Col 1:15-18: This Scripture is considered by many scholars to be a hymn with either two or three stanzas. This may have been something that the early church would sing during their worship services. It is in fact possible that Paul was in a spirit of prayer and that he kind of moves to praise and worship of God as he recites this hymn. I would submit to you that there has not been a preacher or author alive that could do this passage its full justice. It is that awesome of a text.
Who is the image of the invisible God, the firstborn of every creature: For by him were all things created, that are in heaven, and that are in earth, visible and invisible, whether they be thrones, or dominions, or principalities, or powers: all things were created by him, and for him: And he is before all things, and by him all things consist. And he is the head of the body, the church: who is the beginning, the firstborn from the dead; that in all things he might have the preeminence.
Who? Jesus. Jesus is the image. He is in fact the icon, the Greek word for “image” there. Jesus is the visible representation of the invisible God. He is in fact God. II Corinthians 4:4 powerfully communicates that the god of this world has blinded the minds of them which believe not, lest the light of the glorious gospel of Christ who is the image of God.
John 1:18 No man hath seen God at any time; the only begotten Son, which is in the bosom of the Father he hath declared him.
Hebrews 1:3 Who being the brightness of his glory, and the express image of his person, and upholding all things by the word of his power, when he had by himself purged our sins, sat down at the right hand of the Majesty on high;
And so we need to stop thinking about Jesus Christ as this kind of semi-hippy-feminine-kind-of-dude who walked around with flip flops and wore kind of a dress, and we need to start thinking at all times that Christ was and is God. That He is in fact the King of Kings and the Lord of Lords, and when we see Jesus, we see God. When we hear from Jesus, we hear from God. Three key doctrinal points need to be emphatically jumped on, insisted on, and declared upon.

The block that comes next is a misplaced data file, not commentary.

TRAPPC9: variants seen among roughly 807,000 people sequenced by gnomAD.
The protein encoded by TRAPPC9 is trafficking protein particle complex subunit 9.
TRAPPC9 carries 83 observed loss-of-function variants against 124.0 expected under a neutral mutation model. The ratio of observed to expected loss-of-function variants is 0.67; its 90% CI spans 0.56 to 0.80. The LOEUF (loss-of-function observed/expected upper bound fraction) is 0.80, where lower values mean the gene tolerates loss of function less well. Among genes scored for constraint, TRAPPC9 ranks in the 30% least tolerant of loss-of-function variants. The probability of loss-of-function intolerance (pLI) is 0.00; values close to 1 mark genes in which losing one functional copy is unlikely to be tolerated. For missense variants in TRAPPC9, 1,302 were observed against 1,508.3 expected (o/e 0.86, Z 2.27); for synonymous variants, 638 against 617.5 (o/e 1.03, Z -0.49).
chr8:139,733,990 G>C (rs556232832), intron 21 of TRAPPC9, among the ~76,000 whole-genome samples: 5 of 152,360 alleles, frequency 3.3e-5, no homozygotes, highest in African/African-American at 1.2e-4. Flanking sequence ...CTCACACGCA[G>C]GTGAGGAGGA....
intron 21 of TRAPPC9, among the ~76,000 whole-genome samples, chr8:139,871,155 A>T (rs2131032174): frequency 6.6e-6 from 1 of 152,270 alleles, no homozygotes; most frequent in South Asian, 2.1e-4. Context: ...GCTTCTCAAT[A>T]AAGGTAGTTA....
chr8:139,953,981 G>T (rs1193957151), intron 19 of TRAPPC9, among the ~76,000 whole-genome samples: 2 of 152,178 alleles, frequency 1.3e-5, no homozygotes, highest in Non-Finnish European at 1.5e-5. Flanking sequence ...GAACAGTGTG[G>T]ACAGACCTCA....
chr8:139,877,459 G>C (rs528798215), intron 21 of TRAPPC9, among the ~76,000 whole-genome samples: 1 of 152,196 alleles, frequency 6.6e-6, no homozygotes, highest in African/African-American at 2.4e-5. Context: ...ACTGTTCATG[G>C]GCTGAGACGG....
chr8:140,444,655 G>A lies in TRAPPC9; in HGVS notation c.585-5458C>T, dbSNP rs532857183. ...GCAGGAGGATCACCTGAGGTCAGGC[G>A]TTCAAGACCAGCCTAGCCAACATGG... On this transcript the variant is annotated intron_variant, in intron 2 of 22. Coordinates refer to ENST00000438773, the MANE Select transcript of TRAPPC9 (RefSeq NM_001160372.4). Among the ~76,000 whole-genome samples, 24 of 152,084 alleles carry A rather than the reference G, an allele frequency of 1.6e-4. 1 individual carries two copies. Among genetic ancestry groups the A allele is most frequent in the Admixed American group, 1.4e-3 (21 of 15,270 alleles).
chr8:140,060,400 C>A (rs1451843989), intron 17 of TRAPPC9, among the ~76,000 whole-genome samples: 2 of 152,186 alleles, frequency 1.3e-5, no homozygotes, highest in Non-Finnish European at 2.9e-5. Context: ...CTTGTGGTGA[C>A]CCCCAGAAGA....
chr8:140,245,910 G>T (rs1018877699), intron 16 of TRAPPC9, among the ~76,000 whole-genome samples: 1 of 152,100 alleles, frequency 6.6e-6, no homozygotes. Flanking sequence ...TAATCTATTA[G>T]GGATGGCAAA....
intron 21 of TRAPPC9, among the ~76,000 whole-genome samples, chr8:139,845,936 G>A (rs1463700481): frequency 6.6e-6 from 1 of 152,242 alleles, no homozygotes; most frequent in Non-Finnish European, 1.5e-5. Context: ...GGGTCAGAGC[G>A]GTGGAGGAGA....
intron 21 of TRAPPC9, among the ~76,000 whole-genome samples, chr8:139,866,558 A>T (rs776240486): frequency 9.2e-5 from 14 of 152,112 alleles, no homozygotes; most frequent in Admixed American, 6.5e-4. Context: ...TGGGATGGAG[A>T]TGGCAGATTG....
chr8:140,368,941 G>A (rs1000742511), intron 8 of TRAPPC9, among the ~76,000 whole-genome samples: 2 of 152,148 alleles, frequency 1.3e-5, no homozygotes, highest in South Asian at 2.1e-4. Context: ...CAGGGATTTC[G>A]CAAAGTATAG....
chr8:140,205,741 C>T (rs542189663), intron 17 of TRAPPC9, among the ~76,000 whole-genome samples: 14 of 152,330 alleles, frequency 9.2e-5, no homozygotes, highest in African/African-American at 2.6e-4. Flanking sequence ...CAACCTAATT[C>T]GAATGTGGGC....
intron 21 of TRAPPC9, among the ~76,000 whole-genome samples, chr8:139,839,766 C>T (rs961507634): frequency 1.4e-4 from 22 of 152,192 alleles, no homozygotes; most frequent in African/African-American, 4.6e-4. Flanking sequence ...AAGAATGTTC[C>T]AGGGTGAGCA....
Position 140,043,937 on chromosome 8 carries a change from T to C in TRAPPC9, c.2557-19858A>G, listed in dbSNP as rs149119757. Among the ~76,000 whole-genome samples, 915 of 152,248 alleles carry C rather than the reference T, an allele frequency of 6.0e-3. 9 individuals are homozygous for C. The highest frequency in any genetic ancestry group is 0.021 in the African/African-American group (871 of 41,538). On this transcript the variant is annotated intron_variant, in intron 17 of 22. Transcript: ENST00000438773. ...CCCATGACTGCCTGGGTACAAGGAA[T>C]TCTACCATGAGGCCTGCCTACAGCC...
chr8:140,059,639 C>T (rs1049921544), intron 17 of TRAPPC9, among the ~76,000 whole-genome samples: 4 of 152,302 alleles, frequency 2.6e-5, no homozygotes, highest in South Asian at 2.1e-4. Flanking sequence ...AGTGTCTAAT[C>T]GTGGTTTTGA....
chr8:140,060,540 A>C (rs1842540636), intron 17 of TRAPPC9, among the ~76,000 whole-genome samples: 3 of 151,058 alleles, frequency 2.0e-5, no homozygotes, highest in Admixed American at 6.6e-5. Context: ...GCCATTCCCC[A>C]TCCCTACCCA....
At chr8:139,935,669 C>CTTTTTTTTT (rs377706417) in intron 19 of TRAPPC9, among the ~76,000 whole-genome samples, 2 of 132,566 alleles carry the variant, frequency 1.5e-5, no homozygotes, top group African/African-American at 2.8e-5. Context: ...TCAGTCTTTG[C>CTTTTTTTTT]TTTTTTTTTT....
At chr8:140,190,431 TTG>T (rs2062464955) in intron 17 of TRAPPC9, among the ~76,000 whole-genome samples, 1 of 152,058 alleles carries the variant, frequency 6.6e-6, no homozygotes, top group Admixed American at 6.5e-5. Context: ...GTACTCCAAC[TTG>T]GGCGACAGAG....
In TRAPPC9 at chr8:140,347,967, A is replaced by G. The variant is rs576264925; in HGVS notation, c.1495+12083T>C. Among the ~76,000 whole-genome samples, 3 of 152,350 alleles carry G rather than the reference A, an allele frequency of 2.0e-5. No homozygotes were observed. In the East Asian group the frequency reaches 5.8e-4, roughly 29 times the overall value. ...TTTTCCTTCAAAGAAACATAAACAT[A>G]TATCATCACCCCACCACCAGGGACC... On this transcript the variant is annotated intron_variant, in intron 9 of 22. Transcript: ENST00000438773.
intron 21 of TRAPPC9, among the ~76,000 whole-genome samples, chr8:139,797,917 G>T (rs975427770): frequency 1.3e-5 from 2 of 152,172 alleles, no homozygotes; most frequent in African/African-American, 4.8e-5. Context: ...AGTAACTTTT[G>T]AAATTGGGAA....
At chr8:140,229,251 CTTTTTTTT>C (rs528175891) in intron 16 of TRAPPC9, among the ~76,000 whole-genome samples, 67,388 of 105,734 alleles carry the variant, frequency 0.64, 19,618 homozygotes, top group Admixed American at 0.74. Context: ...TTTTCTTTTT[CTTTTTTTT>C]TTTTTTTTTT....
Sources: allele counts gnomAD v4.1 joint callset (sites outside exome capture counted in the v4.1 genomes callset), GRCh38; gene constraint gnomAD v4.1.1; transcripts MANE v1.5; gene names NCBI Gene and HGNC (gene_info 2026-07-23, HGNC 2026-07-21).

Number One: The truth that Paul is presenting here is what divides Christianity from cults and false religions. This is the single dividing line; this is the line in the sand. And you say, Pastor, we’ve heard this before and you are right; you have heard it before and we will continue to declare it over and over again any time the text supports it. Why is it so important to do that? Because we are living in this post-modern world that tells us over and over that the Father doesn’t mind the Mormons and the Jehovah Witnesses. The Father is okay with the Muslims, and the Father is okay with the Buddhists, and the Father is okay with the Hindus. But that is not okay at all. In fact, the Word of God teaches just the opposite. The Father is not okay with His Son being ignored as the preeminent one. He is not okay with that! The reason that I need to emphasize this to you is that many of you have co-workers that are Mormon or Jehovah Witnesses, and what you find is that they are morally good people. They are the kind of people who will mow your grass when you are gone. They are the kind of people that will pick up your newspaper in the driveway for you. They are the kind of people that will watch over your house, and if you had a water break they would come running over and help you fix the problem. So in our minds, we think they are morally good people, and they must be fine with God. This is not what Paul teaches at all. This entire passage is dedicated to helping us understand this. We don’t stand in judgment, and we don’t declare ourselves better than them because we are most exceptionally thankful that the light of the Gospel has shined in our hearts and minds, and our prayer is that that same light will shine in their hearts. Our prayer is not that they die and go to Hell. Our prayer is that the god of this world will not have the victory, and that the light will come crashing through like a heat seeking missile and explode in their heart, and show them that Jesus is Lord.